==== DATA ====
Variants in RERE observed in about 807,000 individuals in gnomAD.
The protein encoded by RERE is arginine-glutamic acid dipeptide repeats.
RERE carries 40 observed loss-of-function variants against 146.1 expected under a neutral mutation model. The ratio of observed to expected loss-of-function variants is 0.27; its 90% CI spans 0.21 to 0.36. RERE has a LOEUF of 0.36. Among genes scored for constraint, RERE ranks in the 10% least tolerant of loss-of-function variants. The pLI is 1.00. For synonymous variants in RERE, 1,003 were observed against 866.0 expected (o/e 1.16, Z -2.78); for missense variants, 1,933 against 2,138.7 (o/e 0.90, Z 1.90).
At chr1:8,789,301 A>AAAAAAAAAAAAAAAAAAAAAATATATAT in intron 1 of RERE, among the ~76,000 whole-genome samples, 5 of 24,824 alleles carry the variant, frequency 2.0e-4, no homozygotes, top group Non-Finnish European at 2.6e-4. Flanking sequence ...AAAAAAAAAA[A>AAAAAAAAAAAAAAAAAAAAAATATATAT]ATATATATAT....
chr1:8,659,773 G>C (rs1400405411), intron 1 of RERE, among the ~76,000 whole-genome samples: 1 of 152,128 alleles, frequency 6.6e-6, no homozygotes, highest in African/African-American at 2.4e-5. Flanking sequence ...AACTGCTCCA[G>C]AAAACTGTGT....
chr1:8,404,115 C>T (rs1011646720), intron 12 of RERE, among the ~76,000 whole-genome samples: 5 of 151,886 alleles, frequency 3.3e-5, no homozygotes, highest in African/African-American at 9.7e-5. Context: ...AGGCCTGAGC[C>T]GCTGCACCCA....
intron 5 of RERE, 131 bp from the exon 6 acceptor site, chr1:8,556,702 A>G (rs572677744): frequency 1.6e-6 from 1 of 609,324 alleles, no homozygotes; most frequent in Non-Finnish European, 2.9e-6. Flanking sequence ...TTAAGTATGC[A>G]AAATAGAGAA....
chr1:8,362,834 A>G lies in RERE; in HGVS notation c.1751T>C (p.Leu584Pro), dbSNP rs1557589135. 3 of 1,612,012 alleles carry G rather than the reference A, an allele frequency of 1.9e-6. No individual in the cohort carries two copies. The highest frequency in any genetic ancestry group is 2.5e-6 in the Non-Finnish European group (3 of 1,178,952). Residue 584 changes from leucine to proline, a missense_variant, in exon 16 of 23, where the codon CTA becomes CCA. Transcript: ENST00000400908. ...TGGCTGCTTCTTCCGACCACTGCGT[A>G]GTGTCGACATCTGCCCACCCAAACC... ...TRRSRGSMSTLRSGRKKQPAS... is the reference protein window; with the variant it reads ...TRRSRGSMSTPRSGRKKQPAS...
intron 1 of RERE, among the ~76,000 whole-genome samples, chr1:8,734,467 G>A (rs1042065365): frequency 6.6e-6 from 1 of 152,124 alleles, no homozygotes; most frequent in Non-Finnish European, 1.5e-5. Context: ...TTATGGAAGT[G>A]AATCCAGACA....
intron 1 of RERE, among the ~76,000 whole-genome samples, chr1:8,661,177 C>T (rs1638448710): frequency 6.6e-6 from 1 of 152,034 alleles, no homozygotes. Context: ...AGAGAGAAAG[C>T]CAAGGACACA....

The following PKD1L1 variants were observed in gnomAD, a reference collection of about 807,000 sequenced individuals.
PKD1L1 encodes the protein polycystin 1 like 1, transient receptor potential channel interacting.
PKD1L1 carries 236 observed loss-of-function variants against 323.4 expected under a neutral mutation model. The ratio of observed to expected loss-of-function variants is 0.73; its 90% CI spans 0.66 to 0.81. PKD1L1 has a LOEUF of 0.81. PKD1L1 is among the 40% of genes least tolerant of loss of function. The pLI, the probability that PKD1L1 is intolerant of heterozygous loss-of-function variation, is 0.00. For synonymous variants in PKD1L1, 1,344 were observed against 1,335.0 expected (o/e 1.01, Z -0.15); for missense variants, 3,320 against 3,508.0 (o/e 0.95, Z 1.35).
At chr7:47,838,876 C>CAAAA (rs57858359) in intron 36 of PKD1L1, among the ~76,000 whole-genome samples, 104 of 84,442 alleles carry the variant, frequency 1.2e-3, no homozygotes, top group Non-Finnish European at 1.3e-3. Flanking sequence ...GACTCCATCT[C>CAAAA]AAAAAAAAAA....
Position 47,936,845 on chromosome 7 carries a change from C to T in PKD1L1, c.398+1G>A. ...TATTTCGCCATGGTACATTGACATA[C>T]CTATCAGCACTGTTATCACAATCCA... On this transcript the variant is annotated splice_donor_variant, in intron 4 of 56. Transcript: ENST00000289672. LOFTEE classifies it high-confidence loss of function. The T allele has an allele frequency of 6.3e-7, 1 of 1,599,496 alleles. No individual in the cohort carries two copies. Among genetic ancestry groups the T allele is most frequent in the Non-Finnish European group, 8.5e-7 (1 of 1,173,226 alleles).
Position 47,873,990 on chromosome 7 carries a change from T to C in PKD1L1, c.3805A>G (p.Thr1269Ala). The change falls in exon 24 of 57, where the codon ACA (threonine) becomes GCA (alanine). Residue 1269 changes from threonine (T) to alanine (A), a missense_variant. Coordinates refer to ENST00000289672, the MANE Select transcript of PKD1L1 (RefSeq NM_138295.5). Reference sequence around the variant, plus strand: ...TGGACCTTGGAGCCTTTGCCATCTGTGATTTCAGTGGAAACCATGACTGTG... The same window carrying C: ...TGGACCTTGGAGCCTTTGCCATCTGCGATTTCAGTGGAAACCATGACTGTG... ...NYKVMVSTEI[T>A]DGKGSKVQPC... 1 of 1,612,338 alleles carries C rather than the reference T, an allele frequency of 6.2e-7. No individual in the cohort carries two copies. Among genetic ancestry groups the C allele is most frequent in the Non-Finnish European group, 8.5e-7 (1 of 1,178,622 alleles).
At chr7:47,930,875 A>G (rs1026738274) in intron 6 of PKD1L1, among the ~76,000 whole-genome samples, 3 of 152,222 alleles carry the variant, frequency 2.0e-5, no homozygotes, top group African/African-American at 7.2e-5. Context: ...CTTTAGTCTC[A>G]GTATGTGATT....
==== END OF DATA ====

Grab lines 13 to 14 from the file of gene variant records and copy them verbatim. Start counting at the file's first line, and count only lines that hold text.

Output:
PKD1L1 carries 236 observed loss-of-function variants against 323.4 expected under a neutral mutation model. The ratio of observed to expected loss-of-function variants is 0.73; its 90% CI spans 0.66 to 0.81. PKD1L1 has a LOEUF of 0.81. PKD1L1 is among the 40% of genes least tolerant of loss of function. The pLI, the probability that PKD1L1 is intolerant of heterozygous loss-of-function variation, is 0.00. For synonymous variants in PKD1L1, 1,344 were observed against 1,335.0 expected (o/e 1.01, Z -0.15); for missense variants, 3,320 against 3,508.0 (o/e 0.95, Z 1.35).
At chr7:47,838,876 C>CAAAA (rs57858359) in intron 36 of PKD1L1, among the ~76,000 whole-genome samples, 104 of 84,442 alleles carry the variant, frequency 1.2e-3, no homozygotes, top group Non-Finnish European at 1.3e-3. Flanking sequence ...GACTCCATCT[C>CAAAA]AAAAAAAAAA....